Network basics – Static Route

In Network Basics on April 17, 2011 by carlosfvc Tagged: ,

A static route can be used in the following circumstances:
• When it is undesirable to have dynamic routing updates forwarded across slow bandwidth links, such
as a dialup link.
• When the administrator needs total control over the routes used by the router.
• When a backup to a dynamically recognized route is necessary.• When it is necessary to reach a network accessible by only one path (a stub network).
• When a router connects to its ISP and needs to have only a default route pointing toward the ISP
router, rather than learning many routes from the ISP.
• When a router is underpowered and does not have the CPU or memory resources necessary to handle
a dynamic routing protocol.


– A perfect use for static routing is a hub-and-spoke design, with all remote sites defaulting back to the central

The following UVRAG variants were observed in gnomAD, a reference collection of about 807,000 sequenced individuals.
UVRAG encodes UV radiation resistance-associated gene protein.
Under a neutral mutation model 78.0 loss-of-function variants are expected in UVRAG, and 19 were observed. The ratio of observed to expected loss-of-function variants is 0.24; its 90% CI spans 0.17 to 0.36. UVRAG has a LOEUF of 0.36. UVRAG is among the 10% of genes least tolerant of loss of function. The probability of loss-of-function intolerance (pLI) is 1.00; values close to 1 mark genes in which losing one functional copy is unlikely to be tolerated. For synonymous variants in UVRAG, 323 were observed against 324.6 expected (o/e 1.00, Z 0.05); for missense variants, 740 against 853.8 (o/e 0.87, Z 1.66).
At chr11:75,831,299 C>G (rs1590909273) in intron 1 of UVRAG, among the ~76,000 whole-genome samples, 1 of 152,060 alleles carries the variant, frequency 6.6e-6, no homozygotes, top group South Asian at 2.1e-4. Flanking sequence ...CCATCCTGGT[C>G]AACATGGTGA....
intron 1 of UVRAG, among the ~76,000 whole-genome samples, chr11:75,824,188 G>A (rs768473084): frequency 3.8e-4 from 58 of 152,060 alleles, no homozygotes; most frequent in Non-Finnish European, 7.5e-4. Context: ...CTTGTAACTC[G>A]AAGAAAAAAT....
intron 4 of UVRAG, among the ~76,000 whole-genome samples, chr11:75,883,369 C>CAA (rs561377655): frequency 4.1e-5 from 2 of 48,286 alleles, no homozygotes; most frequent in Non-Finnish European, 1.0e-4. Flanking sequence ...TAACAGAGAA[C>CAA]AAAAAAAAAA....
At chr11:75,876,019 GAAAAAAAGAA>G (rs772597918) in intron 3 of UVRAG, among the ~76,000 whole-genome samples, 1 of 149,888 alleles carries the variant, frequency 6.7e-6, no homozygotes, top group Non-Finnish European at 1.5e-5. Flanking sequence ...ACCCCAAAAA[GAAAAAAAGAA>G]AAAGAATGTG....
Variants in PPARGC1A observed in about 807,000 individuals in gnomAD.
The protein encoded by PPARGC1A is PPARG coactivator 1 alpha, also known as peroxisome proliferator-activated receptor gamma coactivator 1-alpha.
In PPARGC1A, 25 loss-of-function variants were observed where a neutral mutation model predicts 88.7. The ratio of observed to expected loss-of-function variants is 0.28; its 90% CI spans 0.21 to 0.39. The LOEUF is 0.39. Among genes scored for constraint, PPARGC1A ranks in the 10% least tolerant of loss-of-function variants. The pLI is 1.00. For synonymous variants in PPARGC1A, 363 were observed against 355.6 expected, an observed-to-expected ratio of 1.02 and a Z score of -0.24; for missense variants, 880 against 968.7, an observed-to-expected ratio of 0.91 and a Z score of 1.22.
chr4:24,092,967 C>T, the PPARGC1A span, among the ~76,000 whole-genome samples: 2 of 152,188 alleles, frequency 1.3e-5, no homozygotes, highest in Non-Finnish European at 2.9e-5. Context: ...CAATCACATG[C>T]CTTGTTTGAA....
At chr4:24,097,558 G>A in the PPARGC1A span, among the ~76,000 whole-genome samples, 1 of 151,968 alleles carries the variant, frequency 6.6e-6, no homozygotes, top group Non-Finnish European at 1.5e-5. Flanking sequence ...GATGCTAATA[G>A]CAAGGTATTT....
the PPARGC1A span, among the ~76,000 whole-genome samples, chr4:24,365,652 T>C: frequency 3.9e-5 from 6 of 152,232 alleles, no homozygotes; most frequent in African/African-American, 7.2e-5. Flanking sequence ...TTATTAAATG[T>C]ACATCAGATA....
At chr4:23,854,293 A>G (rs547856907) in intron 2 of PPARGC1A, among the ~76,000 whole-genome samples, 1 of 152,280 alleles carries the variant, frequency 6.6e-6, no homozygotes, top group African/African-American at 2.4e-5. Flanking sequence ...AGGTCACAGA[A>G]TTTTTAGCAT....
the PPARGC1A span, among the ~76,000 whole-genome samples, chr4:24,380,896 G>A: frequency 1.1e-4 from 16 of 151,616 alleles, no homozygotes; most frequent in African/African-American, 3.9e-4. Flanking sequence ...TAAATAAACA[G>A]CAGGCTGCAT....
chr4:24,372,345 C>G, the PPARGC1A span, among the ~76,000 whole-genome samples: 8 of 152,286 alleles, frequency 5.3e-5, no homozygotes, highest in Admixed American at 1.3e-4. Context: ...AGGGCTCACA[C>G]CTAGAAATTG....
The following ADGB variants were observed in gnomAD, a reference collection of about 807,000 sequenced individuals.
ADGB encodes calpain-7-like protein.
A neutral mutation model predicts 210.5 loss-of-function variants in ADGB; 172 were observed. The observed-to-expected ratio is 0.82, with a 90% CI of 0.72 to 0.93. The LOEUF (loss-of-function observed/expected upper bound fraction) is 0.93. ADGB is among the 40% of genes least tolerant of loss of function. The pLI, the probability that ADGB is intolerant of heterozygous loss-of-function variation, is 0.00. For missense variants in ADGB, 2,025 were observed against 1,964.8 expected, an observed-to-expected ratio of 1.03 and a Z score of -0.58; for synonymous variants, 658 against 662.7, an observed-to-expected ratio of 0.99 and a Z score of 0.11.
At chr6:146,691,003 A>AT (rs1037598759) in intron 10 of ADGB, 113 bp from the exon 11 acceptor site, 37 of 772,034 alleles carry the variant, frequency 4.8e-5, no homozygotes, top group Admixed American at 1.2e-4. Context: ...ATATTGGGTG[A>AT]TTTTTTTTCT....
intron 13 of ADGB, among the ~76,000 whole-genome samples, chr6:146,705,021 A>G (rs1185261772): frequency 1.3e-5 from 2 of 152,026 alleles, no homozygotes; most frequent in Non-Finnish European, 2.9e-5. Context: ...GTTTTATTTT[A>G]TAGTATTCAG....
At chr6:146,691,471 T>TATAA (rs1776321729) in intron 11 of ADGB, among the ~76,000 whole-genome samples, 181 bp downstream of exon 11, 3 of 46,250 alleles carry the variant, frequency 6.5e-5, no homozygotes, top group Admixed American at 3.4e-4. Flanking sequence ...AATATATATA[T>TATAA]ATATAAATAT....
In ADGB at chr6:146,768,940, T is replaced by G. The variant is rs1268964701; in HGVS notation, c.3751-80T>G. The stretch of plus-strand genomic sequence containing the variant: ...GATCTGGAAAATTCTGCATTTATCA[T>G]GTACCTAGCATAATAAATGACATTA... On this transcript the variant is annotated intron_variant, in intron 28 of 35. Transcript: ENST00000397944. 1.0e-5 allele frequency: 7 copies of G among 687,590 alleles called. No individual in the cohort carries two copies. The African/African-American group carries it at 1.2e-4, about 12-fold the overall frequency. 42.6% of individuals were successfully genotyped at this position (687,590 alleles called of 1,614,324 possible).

site (the hub) and the one or two routers at the central site having a static route for all subnets at each
remote site.


– without proper design, as the network grows into hundreds of routers, with each
router having numerous subnets, the number of static routes on each router also increases. Each time a new
subnet or router is added, an administrator must add a static route to the new networks on several routers.

– Topology change occurs on the internetwork, an administrator might have to reroute traffic by configuring new static routes around the problem area.

Configuring a Static Route
ip route prefix mask {address | interface [address]} [dhcp] [distance] [name next-hop-name]
[permanent| track number] [tag tag] global configuration command


show ip route


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